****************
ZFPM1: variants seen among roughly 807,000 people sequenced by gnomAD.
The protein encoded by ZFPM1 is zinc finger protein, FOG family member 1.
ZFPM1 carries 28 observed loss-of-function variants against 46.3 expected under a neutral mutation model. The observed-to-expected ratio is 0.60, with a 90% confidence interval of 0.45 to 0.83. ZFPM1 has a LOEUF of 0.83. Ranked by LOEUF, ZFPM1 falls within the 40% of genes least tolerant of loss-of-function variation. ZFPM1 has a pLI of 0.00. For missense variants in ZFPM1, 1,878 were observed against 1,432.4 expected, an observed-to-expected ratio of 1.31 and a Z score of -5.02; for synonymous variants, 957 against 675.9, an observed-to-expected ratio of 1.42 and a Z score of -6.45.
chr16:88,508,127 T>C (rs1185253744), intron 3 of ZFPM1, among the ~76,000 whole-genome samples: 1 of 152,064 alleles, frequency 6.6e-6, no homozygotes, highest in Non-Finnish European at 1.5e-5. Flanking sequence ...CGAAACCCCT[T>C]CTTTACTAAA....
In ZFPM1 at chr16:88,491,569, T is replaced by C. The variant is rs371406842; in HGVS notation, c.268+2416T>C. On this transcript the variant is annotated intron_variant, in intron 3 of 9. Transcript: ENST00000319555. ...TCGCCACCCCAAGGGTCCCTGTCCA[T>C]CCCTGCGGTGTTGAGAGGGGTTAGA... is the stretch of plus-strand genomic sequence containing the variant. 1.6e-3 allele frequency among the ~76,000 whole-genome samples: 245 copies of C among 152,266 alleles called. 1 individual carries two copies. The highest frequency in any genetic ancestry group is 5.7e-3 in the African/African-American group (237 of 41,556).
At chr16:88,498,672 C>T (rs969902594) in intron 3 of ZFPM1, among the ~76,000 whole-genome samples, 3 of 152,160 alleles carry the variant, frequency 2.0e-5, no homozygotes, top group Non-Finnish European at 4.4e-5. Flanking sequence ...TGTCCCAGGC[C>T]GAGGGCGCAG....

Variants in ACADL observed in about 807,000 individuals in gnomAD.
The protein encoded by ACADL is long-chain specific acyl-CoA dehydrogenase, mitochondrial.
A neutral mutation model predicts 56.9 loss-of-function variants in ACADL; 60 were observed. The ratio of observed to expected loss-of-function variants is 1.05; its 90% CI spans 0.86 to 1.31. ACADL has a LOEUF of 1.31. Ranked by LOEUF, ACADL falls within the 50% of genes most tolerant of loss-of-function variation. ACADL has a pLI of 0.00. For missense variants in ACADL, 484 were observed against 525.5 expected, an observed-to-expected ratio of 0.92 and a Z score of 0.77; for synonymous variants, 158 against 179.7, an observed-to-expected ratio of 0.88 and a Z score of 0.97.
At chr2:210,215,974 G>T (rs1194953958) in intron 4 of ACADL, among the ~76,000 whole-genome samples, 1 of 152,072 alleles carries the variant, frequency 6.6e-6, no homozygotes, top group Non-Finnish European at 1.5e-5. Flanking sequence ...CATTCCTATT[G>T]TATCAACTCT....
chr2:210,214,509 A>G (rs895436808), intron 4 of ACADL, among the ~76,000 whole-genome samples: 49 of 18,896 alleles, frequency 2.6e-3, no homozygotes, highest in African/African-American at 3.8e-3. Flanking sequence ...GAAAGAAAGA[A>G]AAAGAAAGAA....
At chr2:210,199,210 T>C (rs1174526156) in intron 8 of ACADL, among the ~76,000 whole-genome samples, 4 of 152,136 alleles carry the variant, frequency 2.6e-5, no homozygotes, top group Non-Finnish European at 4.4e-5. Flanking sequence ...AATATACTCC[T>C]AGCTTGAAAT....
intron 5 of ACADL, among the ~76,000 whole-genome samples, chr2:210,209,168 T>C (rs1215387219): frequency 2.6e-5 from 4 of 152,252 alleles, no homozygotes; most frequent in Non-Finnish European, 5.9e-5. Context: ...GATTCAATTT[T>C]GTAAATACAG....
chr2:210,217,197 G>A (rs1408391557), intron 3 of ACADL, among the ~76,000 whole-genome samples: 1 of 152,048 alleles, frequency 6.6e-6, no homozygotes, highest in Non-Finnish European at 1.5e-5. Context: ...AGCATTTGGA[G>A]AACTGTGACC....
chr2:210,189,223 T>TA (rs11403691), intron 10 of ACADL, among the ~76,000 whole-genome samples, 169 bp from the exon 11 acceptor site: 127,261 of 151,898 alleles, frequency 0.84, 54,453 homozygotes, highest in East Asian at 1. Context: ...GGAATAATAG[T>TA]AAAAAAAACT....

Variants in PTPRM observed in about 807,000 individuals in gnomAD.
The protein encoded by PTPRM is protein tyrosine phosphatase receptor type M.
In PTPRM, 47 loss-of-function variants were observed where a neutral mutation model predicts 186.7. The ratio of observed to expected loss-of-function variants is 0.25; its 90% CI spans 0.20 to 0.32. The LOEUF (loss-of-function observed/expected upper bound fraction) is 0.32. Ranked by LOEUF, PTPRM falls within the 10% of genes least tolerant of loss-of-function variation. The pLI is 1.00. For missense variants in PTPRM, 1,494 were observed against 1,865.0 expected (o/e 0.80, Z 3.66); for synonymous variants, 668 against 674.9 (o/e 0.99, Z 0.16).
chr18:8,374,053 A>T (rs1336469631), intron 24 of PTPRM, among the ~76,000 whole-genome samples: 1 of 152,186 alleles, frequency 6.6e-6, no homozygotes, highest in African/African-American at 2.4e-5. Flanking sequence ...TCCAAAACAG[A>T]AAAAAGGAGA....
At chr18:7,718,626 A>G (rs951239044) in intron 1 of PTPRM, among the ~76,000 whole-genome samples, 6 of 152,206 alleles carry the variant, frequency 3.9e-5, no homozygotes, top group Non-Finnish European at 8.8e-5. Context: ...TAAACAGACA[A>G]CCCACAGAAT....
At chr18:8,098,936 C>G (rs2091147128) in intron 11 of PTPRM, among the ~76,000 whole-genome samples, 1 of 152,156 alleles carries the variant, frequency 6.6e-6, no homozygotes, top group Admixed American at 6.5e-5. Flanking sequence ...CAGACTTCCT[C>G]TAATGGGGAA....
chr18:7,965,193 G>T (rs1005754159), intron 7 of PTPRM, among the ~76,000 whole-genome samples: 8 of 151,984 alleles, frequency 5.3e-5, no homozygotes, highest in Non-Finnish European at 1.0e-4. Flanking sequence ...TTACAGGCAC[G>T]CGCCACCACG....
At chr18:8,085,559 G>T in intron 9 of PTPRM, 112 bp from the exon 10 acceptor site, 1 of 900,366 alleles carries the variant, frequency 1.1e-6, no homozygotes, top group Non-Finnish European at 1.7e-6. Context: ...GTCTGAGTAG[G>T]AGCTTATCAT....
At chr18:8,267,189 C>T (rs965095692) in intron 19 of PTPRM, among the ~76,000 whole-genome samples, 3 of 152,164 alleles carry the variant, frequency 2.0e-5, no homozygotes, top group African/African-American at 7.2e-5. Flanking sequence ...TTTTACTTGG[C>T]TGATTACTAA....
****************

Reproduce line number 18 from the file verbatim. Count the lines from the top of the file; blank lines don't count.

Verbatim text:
In PTPRM, 47 loss-of-function variants were observed where a neutral mutation model predicts 186.7. The ratio of observed to expected loss-of-function variants is 0.25; its 90% CI spans 0.20 to 0.32. The LOEUF (loss-of-function observed/expected upper bound fraction) is 0.32. Ranked by LOEUF, PTPRM falls within the 10% of genes least tolerant of loss-of-function variation. The pLI is 1.00. For missense variants in PTPRM, 1,494 were observed against 1,865.0 expected (o/e 0.80, Z 3.66); for synonymous variants, 668 against 674.9 (o/e 0.99, Z 0.16).